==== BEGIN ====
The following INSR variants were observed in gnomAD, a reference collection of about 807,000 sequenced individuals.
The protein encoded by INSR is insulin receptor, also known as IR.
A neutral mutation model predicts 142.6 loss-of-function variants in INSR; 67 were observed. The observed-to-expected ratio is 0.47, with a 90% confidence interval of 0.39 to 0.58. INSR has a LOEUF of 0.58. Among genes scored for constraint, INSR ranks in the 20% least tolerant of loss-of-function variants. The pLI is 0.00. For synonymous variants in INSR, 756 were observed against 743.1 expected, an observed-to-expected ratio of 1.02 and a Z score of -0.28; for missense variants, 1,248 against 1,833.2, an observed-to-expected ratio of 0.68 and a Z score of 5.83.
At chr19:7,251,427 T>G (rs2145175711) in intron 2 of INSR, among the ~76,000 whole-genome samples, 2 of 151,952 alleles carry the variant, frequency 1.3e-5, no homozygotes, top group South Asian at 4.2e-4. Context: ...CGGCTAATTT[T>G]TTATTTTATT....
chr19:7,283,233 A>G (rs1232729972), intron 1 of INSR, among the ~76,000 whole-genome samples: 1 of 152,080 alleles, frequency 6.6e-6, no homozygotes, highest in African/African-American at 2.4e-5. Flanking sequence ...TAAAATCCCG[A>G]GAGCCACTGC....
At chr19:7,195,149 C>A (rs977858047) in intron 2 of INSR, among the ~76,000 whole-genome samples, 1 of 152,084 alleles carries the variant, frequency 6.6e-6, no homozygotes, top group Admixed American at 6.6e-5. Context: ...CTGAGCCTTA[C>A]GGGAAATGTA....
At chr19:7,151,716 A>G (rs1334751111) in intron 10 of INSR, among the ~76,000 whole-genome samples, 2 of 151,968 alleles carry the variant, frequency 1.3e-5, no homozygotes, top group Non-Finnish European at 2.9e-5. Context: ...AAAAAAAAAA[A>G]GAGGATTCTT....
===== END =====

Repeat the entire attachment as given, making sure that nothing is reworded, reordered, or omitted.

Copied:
The following INSR variants were observed in gnomAD, a reference collection of about 807,000 sequenced individuals.
The protein encoded by INSR is insulin receptor, also known as IR.
A neutral mutation model predicts 142.6 loss-of-function variants in INSR; 67 were observed. The observed-to-expected ratio is 0.47, with a 90% confidence interval of 0.39 to 0.58. INSR has a LOEUF of 0.58. Among genes scored for constraint, INSR ranks in the 20% least tolerant of loss-of-function variants. The pLI is 0.00. For synonymous variants in INSR, 756 were observed against 743.1 expected, an observed-to-expected ratio of 1.02 and a Z score of -0.28; for missense variants, 1,248 against 1,833.2, an observed-to-expected ratio of 0.68 and a Z score of 5.83.
At chr19:7,251,427 T>G (rs2145175711) in intron 2 of INSR, among the ~76,000 whole-genome samples, 2 of 151,952 alleles carry the variant, frequency 1.3e-5, no homozygotes, top group South Asian at 4.2e-4. Context: ...CGGCTAATTT[T>G]TTATTTTATT....
chr19:7,283,233 A>G (rs1232729972), intron 1 of INSR, among the ~76,000 whole-genome samples: 1 of 152,080 alleles, frequency 6.6e-6, no homozygotes, highest in African/African-American at 2.4e-5. Flanking sequence ...TAAAATCCCG[A>G]GAGCCACTGC....
At chr19:7,195,149 C>A (rs977858047) in intron 2 of INSR, among the ~76,000 whole-genome samples, 1 of 152,084 alleles carries the variant, frequency 6.6e-6, no homozygotes, top group Admixed American at 6.6e-5. Context: ...CTGAGCCTTA[C>A]GGGAAATGTA....
At chr19:7,151,716 A>G (rs1334751111) in intron 10 of INSR, among the ~76,000 whole-genome samples, 2 of 151,968 alleles carry the variant, frequency 1.3e-5, no homozygotes, top group Non-Finnish European at 2.9e-5. Context: ...AAAAAAAAAA[A>G]GAGGATTCTT....